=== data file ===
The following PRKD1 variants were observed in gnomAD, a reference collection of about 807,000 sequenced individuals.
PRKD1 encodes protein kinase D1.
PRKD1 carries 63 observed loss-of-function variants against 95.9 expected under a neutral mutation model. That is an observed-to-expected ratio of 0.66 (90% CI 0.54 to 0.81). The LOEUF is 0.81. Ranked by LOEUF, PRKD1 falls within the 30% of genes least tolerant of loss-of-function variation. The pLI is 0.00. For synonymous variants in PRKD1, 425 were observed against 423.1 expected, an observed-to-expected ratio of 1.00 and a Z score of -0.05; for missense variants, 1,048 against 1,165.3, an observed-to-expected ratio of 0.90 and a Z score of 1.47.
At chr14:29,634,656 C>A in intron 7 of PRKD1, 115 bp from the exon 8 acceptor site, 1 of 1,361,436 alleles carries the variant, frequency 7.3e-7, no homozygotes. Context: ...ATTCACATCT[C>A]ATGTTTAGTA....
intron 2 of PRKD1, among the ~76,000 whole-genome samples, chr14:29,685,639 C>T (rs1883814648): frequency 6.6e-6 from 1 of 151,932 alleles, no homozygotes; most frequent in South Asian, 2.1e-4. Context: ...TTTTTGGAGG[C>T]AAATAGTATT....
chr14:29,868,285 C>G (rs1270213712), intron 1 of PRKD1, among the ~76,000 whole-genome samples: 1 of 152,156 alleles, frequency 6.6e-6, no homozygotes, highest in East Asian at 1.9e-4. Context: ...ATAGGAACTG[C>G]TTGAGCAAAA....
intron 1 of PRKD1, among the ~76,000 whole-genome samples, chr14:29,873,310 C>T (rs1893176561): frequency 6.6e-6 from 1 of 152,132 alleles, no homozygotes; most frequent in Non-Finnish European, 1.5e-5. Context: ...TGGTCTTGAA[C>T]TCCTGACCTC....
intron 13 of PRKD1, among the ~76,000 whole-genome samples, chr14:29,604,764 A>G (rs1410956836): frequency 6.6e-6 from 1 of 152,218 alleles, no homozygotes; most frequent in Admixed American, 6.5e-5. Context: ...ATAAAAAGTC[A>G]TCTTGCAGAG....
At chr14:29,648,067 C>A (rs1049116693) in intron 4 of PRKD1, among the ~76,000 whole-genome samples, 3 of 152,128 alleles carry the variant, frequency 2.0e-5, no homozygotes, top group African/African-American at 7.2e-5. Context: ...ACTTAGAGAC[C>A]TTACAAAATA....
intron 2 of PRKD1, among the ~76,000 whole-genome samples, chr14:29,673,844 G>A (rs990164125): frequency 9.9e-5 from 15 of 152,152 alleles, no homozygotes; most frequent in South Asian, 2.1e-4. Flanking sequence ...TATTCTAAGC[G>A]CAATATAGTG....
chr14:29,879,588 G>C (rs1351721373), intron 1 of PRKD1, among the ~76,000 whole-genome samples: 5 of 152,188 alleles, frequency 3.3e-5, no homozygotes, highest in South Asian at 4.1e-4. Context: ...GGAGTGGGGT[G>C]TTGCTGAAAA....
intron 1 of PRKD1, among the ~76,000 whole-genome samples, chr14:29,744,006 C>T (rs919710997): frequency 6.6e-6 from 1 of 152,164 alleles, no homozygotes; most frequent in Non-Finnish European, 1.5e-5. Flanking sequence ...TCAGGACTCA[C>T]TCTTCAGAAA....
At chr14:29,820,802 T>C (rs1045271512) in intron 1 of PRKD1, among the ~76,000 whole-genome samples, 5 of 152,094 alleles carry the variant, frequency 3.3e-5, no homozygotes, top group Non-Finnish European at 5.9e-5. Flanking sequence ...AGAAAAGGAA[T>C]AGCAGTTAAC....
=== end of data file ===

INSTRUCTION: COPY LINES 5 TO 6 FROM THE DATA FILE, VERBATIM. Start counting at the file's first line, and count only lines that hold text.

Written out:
intron 2 of PRKD1, among the ~76,000 whole-genome samples, chr14:29,685,639 C>T (rs1883814648): frequency 6.6e-6 from 1 of 151,932 alleles, no homozygotes; most frequent in South Asian, 2.1e-4. Context: ...TTTTTGGAGG[C>T]AAATAGTATT....
chr14:29,868,285 C>G (rs1270213712), intron 1 of PRKD1, among the ~76,000 whole-genome samples: 1 of 152,156 alleles, frequency 6.6e-6, no homozygotes, highest in East Asian at 1.9e-4. Context: ...ATAGGAACTG[C>G]TTGAGCAAAA....